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Archive for December, 2021

How Legal Scholarship Can Reveal the Difference Between the Law as Written and the Law as Applied

Is there one piece of legal scholarship which you read years ago that sticks with you? For me it was an article about how a person’s right to legal name changes can be hindered by clerks who may misstate the law or a person’s options. The article is called Changing Name Changing: Framing Rules and the Future of Marital Names, and it was written by Elizabeth F. Emens and published in the University of Chicago Law Review in 2007.[1] I believe I read it around 2015, and I remember being fascinated by the concept of “desk-clerk law.” In . . . [more]

Posted in: Legal Information

Court Orders Trial to Proceed Virtually Over Objections From Counsel

In light of the Omicron variant, in-person civil jury trials have been suspended in Ontario. This has impacted many cases, which were slated for trial in January 2022. One of these cases was Fraser v Persaud. In Fraser v. Persaud, 2021 ONSC 8429, the motor vehicle accident case was at risk of not being heard in 2022 (7 years post-accident). Therefore, plaintiff counsel requested that the matter proceed virtually. Defence counsel objected to this request. They wanted to have the trial in-person. But, this could push the trial from January 2022 to January 2024.

Justice Richetti ordered that . . . [more]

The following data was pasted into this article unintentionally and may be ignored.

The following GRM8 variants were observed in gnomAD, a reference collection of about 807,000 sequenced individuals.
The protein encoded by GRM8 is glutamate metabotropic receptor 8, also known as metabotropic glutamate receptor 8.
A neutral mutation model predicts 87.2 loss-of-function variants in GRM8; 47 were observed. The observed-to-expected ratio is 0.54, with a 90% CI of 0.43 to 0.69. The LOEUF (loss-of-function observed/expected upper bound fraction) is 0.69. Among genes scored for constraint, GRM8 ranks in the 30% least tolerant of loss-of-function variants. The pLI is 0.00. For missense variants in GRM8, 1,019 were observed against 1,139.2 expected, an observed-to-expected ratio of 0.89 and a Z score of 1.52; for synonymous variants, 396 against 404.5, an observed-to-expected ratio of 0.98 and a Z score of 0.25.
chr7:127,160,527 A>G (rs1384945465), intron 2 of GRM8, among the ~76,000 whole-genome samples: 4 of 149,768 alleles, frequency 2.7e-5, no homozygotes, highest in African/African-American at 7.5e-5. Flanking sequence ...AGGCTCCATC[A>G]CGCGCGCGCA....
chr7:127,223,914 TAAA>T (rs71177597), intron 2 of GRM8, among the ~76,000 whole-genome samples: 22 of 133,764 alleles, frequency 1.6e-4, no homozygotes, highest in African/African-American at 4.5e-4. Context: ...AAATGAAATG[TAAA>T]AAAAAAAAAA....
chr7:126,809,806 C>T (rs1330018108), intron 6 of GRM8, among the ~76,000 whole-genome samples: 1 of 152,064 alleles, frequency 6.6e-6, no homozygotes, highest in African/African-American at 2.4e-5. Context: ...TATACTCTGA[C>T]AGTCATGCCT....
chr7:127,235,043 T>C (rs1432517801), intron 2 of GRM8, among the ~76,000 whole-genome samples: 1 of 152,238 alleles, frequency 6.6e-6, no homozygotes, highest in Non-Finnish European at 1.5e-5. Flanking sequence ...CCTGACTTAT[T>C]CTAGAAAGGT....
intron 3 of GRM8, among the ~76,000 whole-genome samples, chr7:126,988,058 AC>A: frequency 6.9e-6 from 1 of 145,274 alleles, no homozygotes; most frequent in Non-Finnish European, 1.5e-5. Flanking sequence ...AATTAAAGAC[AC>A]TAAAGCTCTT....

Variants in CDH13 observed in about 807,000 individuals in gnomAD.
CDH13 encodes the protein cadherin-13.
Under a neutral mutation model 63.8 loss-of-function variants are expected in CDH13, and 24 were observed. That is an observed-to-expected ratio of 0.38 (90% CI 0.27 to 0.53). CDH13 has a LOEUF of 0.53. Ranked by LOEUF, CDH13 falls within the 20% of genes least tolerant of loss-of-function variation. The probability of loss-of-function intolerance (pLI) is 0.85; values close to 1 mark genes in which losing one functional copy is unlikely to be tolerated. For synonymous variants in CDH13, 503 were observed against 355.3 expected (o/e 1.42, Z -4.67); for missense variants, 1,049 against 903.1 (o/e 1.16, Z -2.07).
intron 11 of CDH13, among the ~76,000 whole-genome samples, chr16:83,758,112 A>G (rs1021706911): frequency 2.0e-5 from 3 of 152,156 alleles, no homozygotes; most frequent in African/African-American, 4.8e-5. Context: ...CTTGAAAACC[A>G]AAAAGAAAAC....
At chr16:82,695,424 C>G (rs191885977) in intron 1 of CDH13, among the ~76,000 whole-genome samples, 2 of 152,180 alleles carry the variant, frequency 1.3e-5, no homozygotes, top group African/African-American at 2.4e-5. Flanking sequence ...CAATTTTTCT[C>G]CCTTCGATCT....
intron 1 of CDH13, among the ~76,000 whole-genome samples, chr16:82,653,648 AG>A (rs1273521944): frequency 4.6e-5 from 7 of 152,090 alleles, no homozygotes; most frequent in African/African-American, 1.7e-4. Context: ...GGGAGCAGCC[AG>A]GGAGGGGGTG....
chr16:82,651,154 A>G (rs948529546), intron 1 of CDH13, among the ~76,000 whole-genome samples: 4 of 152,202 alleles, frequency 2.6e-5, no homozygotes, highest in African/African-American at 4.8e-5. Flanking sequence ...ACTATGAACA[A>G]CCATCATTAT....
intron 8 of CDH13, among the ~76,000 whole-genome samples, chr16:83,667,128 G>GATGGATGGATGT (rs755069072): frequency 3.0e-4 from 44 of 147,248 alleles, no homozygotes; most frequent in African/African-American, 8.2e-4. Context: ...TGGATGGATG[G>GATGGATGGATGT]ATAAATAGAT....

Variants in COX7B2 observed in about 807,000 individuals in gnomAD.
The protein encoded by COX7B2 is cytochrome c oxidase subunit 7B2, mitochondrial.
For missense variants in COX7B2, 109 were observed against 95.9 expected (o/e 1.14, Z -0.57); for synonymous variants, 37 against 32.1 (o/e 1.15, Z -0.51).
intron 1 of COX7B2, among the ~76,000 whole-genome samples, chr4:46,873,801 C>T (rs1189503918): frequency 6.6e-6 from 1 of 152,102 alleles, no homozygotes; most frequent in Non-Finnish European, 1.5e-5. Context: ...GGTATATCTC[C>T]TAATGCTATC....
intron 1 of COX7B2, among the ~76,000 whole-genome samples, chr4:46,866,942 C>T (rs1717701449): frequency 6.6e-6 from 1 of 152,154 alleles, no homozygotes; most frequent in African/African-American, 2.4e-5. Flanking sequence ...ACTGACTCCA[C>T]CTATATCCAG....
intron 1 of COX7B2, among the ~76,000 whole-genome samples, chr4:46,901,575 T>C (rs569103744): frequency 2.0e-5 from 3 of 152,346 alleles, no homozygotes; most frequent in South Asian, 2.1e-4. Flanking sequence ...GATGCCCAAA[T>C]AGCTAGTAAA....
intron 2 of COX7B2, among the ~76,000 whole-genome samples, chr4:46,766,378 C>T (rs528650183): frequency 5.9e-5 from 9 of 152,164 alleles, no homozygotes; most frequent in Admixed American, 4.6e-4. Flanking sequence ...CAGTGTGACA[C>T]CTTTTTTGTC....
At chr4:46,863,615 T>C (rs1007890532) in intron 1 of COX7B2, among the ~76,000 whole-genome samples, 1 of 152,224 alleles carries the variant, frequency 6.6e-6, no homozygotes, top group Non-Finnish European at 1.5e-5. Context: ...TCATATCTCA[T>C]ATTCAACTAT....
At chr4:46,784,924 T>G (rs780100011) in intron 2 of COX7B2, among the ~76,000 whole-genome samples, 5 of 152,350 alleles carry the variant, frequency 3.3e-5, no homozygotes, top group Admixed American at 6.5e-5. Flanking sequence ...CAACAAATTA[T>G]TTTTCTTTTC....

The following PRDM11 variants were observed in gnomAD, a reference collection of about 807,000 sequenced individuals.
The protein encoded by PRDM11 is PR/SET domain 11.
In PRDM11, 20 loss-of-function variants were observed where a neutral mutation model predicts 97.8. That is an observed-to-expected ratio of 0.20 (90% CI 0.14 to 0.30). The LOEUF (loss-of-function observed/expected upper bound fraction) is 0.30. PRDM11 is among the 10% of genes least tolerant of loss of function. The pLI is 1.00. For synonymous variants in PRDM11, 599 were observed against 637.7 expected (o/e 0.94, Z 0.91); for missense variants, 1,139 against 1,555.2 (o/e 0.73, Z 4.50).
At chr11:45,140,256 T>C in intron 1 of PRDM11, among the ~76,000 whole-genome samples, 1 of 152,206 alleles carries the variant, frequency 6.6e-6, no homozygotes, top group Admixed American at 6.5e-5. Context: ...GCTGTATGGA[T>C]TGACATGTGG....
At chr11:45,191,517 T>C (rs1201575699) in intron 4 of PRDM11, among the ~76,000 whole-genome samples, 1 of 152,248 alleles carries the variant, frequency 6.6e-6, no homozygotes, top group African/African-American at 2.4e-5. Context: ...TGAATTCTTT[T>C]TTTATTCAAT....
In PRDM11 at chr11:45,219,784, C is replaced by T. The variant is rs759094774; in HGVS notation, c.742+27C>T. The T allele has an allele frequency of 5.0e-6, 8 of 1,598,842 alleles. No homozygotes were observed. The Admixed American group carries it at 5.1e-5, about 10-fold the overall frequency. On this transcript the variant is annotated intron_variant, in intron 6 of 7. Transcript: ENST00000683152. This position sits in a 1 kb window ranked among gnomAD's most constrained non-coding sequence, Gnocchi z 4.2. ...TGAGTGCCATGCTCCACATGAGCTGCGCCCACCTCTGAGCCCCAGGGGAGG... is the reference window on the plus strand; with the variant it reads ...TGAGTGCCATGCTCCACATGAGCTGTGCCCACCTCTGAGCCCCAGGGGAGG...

Posted in: Substantive Law

Patent Proceedings by the Numbers – Part 2

Continuing my review of patent infringement proceedings in Federal Court, I will look at how cases actually move through the court. Focusing on patent infringement cases started in 2017, 2018 and 2019 (but excluding proceedings under the PM(NOC) regulations), for this group of about 140 cases, a statement of defence was only filed in about 75% of cases. In my last column (see How Long to Trial for Patent Proceedings?), my review suggested that about half of the cases were resolved in less than two years, typically by way of settlement or discontinuance.

In the 75% of cases where . . . [more]

Posted in: Intellectual Property

Lawyers and the Self-Represented: Ethical Obligations in the Hearing Room

The role of adjudicators in hearings with self-represented litigants (SRLs) has been discussed in many court decisions and articles. What is less explored is the role of opposing counsel. In this column I will discuss the possibly expanding role of opposing counsel in facilitating access to justice for SRLs. Although the adjudicator has the primary role in managing a hearing and in assisting the self-represented party, opposing counsel can play an important role. It is also important that adjudicators clearly communicate their expectations of the lawyer when a hearing includes an SRL.

The Canadian Judicial Council’s Statement of Principles on . . . [more]

Posted in: Dispute Resolution

Tips Tuesday

Here are excerpts from the most recent tips on SlawTips, the site that each week offers up useful advice, short and to the point, on practice, research, writing and technology.

Research & Writing

Finding the History of a Section of the Canadian Criminal Code
Susannah Tredwell

Unfortunately there is no easy tool that will allow you easily track the changes to a specific section of the Criminal Code over the years, but the following two resources may be helpful: … . . . [more]

Posted in: Tips Tuesday

Monday’s Mix

Each Monday we present brief excerpts of recent posts from five of Canada’s award­-winning legal blogs chosen at random* from more than 80 recent Clawbie winners. In this way we hope to promote their work, with their permission, to as wide an audience as possible.

This week the randomly selected blogs are 1. Welcome to the Food Court 2. BC Provincial Court eNews 3. Risk Management & Crisis Response 4. Canadian Appeals Monitor 5. The Lean Law Firm

Welcome to the Food Court